Emily Swanson sat behind the wheel of a silver Audi, blonde hair pulled back in a ponytail, green eyes vivid against her pale skin as she watched the terraced Edwardian house on the other side of the road. Few streets like this remained in Hackney. World War II had seen much of the east London district obliterated by bombs, with scores of ugly tenement buildings quickly built in the aftermath to house thousands of homeless citizens. These days those tenements were used as dumping grounds by borough councils, forcing struggling families to live in a pit of knife crime and impoverishment. But this street, where Emily was currently staked out among a line of parked vehicles, was a distinct reminder of a distant, gentler Hackney.
She’d been watching the house for three hours now, the engine switched off and the cold slowly seeping into her bones. Three hours in which she’d seen the winter sun melt through the early morning darkness and scores of workers and school children hurry by, faces burdened with grimaces as they made their way towards offices and classrooms.
But there was no activity from the house in question.
Shifting her gaze for a second, Emily glanced at the empty coffee cup that was stuffed into the side pocket of the driver door. She was tired and thirsty, her back ached, and her fingers were numb. Worse still, she had a pressing need to pee that was only growing worse. Adjusting her position in the seat, she let out a long sigh and returned to watching the house.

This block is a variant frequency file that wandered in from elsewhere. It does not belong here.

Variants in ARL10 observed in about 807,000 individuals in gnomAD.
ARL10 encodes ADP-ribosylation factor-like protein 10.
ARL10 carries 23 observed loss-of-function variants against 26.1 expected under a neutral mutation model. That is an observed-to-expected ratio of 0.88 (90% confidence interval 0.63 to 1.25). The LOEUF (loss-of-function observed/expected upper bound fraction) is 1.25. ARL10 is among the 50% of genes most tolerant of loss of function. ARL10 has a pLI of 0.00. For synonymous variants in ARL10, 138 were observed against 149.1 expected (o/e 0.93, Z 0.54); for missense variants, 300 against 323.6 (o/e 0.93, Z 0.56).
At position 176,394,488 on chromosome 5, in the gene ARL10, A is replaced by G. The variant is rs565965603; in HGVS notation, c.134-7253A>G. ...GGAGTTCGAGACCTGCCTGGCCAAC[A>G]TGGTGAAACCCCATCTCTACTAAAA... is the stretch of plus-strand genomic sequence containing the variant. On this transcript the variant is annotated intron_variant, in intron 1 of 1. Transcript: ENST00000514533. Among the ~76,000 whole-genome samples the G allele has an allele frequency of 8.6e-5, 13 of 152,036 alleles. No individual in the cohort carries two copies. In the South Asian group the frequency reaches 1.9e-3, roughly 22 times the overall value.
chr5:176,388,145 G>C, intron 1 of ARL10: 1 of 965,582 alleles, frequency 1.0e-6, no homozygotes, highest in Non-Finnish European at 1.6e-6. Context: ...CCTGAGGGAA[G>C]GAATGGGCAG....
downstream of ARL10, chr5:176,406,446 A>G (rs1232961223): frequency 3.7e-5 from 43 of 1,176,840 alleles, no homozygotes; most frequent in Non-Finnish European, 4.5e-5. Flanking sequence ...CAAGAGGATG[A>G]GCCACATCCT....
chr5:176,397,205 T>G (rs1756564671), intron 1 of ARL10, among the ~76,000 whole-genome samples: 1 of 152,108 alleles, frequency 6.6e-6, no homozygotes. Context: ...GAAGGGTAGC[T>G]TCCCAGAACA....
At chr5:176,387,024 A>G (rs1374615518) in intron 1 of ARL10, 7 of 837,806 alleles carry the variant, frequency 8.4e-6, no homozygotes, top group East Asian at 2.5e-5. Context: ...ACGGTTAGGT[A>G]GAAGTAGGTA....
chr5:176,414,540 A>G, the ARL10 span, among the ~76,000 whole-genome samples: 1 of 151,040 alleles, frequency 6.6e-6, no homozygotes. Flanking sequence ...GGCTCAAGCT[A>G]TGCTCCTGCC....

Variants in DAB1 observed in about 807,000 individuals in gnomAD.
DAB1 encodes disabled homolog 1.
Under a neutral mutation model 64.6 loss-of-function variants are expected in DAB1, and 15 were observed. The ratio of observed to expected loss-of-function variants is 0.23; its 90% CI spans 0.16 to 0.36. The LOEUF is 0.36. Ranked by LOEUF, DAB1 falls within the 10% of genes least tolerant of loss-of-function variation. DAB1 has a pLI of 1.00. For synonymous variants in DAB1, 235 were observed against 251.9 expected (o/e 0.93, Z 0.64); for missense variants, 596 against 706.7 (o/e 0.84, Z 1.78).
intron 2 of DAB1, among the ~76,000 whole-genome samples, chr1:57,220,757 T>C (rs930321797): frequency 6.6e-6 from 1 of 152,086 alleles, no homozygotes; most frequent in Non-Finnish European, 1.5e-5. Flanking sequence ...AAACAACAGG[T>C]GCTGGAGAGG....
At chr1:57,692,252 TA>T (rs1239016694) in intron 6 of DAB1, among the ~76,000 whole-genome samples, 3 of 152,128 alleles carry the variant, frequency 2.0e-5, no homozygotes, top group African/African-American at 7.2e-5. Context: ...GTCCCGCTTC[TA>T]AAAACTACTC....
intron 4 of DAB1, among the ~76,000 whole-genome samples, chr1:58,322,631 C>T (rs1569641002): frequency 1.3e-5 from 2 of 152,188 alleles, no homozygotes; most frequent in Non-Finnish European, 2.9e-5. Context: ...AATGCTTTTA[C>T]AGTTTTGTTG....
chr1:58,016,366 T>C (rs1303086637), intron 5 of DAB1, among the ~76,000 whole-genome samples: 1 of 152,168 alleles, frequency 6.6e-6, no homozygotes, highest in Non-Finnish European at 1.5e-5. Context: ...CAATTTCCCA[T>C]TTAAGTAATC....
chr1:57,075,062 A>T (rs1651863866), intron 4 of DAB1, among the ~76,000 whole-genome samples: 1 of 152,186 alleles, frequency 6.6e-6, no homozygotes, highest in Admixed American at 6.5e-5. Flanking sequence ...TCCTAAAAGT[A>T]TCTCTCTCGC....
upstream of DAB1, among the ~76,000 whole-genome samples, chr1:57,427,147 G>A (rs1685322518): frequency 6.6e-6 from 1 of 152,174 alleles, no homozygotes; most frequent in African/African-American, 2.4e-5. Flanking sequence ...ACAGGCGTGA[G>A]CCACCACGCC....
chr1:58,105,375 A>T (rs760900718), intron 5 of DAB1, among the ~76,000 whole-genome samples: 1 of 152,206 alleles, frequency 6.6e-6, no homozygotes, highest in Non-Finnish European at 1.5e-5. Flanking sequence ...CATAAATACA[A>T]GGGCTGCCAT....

This was the hardest part of the job—the sitting and waiting, waiting and sitting, in a vain hope that something would happen. Something that would mark another job done. This was not Emily’s idea of fun. Boredom was already setting in, and when boredom came, so did distraction, and distraction always led to mistakes. But Emily wasn’t surprised—this was the second day she’d been stationed in the street with zero activity. If she didn’t come up with incriminating evidence soon, Erica Braithwaite would want to know why.
Rubbing her frozen hands together, Emily shifted her gaze from the closed blinds of the living room, to the upstairs bedroom. The curtains were open. They had been closed a few minutes ago, she was sure of it. Which meant she was already making mistakes.